A number of questions are posed about the handling of the case of 17-month-old Tahla Ikram, who died after abuse by his father Abid Ikram and his stepmother Sumairia Parveen.
The death prompted an independent inquiry by the Ealing Safeguarding Children Board.
WHEN DID SOCIAL SERVICES BECOME INVOLVED?
Tahla and his family had been known to various agencies since 1997 and was under the care of social services shortly after his birth because there were concerns about the mental health of the biological mother.
However, social services said there was no concern regarding Ikram's ability to care for the child even though he lied about his on-going relationship with the mother and the access he allowed her to have to Tahla while she was given treatment for her personality disorder.
WHY WAS TAHLA RETURNED TO HIS FATHER?
The final decision on returning Tahla to his father was made by a judge. He took into account a psychologist's report on Ikram and Parveen which said they were both safe parents.
A report into the handling of Tahla's case does say the psychologist never spoke to Parveen on her own and she was always in the company of Ikram which may and have inhibited her from speaking freely about her true feelings for the child.
Tahla was placed with foster parents when he was taken away from Ikram and social services noted he progressed well under their care. But the foster parents agreed the preferred way forward was placing the boy permanently with Ikram.
Tahla was then placed with Ikram under a supervision order.
WHY DIDN'T DOCTORS NOTICE ANYTHING WRONG?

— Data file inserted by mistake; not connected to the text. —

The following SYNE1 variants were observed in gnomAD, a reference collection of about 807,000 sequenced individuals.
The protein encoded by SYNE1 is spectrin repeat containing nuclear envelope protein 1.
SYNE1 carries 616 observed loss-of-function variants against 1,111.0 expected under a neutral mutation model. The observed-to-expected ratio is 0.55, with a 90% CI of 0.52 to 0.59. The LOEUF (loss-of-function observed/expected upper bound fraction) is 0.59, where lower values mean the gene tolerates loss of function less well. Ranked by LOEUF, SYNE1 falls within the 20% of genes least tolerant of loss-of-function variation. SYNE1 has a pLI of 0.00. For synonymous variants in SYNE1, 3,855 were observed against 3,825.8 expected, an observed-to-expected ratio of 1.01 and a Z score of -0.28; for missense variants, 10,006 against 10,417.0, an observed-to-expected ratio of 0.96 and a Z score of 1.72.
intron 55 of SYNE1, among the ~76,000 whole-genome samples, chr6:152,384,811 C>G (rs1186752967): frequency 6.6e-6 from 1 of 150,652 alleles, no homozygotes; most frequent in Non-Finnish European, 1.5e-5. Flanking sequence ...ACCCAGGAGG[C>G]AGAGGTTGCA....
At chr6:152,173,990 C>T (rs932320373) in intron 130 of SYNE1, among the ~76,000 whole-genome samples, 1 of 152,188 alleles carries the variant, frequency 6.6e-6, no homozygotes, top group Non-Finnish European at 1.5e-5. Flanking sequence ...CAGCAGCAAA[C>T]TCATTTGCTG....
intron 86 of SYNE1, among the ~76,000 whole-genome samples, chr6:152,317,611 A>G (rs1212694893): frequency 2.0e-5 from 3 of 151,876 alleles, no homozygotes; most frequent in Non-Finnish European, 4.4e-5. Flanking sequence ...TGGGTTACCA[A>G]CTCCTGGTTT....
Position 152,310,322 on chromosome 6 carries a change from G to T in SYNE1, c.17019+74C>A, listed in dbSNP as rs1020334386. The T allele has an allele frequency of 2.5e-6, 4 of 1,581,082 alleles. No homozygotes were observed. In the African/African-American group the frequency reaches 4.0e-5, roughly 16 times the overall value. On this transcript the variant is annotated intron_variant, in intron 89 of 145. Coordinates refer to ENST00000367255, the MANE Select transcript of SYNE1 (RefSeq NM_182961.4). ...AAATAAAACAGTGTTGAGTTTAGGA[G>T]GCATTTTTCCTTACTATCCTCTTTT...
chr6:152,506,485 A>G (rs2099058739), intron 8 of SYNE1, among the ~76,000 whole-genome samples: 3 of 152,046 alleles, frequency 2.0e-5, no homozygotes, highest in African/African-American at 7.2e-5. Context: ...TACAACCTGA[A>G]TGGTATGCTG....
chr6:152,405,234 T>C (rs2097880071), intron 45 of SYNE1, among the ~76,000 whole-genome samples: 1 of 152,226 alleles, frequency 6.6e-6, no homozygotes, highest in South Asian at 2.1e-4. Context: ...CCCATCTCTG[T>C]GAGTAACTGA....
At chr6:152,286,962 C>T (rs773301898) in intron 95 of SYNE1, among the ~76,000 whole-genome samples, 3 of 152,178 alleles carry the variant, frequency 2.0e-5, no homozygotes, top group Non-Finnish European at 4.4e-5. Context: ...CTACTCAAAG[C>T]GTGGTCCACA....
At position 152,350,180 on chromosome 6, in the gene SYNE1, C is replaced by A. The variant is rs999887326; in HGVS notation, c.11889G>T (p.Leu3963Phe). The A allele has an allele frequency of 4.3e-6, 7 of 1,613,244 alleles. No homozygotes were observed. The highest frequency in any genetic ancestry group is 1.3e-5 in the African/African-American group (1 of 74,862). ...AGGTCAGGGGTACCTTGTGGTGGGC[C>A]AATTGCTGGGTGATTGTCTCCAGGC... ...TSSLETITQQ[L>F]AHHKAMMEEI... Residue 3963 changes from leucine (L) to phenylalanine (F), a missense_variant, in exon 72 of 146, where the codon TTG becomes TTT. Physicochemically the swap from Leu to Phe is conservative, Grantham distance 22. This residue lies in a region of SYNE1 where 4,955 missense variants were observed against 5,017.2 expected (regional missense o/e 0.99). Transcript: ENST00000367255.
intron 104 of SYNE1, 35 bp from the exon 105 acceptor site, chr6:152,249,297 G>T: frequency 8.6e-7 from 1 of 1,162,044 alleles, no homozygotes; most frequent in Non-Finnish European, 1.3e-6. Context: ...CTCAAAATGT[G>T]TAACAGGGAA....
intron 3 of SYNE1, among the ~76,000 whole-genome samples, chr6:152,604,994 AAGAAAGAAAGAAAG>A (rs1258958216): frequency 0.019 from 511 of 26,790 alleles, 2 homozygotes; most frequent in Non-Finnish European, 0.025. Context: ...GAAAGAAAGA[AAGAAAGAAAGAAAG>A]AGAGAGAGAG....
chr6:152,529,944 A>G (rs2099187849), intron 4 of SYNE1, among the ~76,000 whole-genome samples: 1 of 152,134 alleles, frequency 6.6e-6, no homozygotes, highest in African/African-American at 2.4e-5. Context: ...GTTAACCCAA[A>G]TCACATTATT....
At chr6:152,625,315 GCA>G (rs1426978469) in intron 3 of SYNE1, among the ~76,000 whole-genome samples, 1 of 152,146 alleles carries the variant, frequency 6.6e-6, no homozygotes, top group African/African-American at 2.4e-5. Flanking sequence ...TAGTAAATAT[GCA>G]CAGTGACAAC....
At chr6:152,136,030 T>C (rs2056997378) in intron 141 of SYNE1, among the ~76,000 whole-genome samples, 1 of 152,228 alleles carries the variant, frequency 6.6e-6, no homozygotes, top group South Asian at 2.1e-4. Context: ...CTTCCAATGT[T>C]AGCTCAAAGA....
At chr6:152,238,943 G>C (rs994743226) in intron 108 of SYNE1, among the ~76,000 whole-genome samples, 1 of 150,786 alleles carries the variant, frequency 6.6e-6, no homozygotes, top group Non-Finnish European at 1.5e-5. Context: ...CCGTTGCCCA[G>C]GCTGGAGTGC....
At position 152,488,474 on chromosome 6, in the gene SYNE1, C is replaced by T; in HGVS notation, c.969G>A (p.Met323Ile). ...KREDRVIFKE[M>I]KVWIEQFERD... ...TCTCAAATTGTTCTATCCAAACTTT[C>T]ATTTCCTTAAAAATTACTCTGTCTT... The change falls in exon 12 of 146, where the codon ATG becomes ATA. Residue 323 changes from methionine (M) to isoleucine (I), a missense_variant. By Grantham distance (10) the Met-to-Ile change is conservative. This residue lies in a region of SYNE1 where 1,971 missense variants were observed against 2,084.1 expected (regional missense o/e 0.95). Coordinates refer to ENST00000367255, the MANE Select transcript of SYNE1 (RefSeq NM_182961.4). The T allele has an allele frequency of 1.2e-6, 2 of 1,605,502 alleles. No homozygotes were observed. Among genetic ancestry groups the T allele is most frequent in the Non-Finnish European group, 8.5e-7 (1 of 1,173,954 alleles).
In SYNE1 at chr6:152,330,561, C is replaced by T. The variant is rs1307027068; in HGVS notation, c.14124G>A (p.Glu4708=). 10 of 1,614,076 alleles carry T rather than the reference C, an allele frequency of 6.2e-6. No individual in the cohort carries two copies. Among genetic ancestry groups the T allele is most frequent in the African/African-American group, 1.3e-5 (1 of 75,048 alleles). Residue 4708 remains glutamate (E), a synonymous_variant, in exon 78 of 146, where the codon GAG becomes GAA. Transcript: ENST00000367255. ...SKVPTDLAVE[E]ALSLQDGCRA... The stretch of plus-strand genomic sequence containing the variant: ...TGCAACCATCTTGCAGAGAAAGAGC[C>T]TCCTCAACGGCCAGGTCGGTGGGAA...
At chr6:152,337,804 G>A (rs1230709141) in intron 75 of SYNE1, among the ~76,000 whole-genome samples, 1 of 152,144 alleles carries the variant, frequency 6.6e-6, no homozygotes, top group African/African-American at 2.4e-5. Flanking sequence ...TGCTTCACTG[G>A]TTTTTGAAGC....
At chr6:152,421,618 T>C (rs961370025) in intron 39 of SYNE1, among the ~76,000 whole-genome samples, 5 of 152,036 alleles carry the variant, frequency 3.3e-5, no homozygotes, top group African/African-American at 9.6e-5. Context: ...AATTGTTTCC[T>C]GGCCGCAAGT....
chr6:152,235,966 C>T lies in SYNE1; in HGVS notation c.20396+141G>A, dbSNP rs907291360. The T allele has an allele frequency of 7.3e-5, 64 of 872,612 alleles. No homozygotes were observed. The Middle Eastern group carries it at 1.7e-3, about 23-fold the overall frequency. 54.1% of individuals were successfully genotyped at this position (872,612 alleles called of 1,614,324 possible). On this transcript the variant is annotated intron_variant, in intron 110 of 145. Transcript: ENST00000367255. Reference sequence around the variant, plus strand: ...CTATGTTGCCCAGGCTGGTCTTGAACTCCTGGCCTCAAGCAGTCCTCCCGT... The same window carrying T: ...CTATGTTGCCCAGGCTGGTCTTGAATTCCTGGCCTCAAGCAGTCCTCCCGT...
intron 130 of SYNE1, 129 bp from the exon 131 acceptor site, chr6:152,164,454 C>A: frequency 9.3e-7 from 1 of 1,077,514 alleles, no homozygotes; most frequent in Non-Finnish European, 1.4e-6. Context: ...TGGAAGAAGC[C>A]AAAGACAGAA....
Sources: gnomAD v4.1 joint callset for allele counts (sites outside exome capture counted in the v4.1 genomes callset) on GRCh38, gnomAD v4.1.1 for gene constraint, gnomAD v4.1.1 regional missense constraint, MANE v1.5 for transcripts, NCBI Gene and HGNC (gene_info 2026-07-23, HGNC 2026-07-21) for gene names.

Ealing Hospital, where Tahla was taken to A&E, has said its doctors did consider recording Tahla's injuries as non-accidental.
But a spokesman for the west London hospital said it did not have access to his records as Tahla was not on the child protection register as he was only under a supervision order.
Doctors said Tahla's injuries were like those of a car crash victim
A spokesman for the hospital did say they should have questioned the father more about his social services history and the doctors could also have spoken to a social worker at the A&E. The spokesman added the hospital "regretted" that it did not do so.
The inquiry report also said recording on medical notes why an injury was deemed non-accidental would have meant the diagnosis of deliberate harm would have been more likely to be considered.
The report added the problems may have been compounded by the recent rotation of doctors which take place at the hospital twice a year. It said the when Tahla was first taken in he would have been seen by doctors new to their posts and would have had very little clinical experience.
WHAT LESSONS CAN BE LEARNED?
The report into Tahla's death says: "At no time could it have been predicted that Tahla would be seriously physically harmed by his carers."
But it does make some recommendations.
It highlights the need to review the link between supervision orders and the child protection register (CPR). If Tahla had been placed on the CPR at the time he was placed under the supervision order, doctors at Ealing Hospital, and other agencies, would have been able to access his social services history.
The report also called for better communication between agencies especially between the two social services departments involved at Hammersmith and Fulham and Ealing.
Doctors at A&E should ensure when treating children who may be at risk, they should also take a full social history as well as a medical one.
The spokesman for Ealing Hospital has said many of these recommendations have already been implemented.